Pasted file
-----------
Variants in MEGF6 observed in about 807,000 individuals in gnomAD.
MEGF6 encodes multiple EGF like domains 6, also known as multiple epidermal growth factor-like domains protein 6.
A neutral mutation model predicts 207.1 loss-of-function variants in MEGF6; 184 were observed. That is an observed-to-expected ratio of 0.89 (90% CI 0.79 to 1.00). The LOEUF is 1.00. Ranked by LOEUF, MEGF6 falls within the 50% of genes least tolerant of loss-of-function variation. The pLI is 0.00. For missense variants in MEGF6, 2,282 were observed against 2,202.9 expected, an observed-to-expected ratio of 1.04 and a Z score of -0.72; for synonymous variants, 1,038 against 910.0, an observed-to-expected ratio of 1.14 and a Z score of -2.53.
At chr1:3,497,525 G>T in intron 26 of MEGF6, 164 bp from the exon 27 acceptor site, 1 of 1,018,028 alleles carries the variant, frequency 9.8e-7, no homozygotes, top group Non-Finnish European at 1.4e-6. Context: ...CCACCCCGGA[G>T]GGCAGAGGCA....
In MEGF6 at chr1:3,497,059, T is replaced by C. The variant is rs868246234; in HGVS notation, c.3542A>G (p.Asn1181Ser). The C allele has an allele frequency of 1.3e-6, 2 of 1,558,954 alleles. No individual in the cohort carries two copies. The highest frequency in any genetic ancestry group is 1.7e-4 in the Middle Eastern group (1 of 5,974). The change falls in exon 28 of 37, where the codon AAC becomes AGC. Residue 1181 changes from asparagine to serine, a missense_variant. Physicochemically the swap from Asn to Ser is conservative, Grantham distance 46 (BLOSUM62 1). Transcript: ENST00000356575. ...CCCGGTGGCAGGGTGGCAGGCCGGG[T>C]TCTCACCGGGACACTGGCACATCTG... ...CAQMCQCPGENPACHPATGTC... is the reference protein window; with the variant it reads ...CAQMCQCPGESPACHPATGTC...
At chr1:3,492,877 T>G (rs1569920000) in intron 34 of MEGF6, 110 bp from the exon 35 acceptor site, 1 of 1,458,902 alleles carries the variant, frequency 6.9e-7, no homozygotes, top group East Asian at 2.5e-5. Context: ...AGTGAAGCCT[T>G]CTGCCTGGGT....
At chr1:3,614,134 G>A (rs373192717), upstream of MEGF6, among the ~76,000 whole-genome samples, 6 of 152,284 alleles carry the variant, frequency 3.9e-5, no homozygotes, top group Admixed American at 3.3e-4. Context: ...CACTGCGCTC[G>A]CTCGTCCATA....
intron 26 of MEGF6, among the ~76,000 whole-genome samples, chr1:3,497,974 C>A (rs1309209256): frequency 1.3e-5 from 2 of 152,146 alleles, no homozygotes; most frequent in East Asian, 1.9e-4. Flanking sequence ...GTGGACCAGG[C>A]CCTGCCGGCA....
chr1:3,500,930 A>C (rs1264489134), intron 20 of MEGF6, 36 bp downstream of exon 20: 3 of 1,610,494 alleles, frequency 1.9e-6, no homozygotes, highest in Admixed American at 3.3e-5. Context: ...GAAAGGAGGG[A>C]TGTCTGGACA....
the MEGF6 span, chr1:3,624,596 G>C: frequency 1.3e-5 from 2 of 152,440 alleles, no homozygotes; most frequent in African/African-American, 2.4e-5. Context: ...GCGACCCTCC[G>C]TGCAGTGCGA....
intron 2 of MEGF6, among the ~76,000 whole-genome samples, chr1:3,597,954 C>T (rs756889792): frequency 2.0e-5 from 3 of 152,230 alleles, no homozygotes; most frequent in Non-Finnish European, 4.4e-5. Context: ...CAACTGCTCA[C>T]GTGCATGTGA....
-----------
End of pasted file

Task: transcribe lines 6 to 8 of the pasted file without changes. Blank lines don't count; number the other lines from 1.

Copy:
At chr1:3,492,877 T>G (rs1569920000) in intron 34 of MEGF6, 110 bp from the exon 35 acceptor site, 1 of 1,458,902 alleles carries the variant, frequency 6.9e-7, no homozygotes, top group East Asian at 2.5e-5. Context: ...AGTGAAGCCT[T>G]CTGCCTGGGT....
At chr1:3,614,134 G>A (rs373192717), upstream of MEGF6, among the ~76,000 whole-genome samples, 6 of 152,284 alleles carry the variant, frequency 3.9e-5, no homozygotes, top group Admixed American at 3.3e-4. Context: ...CACTGCGCTC[G>A]CTCGTCCATA....
intron 26 of MEGF6, among the ~76,000 whole-genome samples, chr1:3,497,974 C>A (rs1309209256): frequency 1.3e-5 from 2 of 152,146 alleles, no homozygotes; most frequent in East Asian, 1.9e-4. Flanking sequence ...GTGGACCAGG[C>A]CCTGCCGGCA....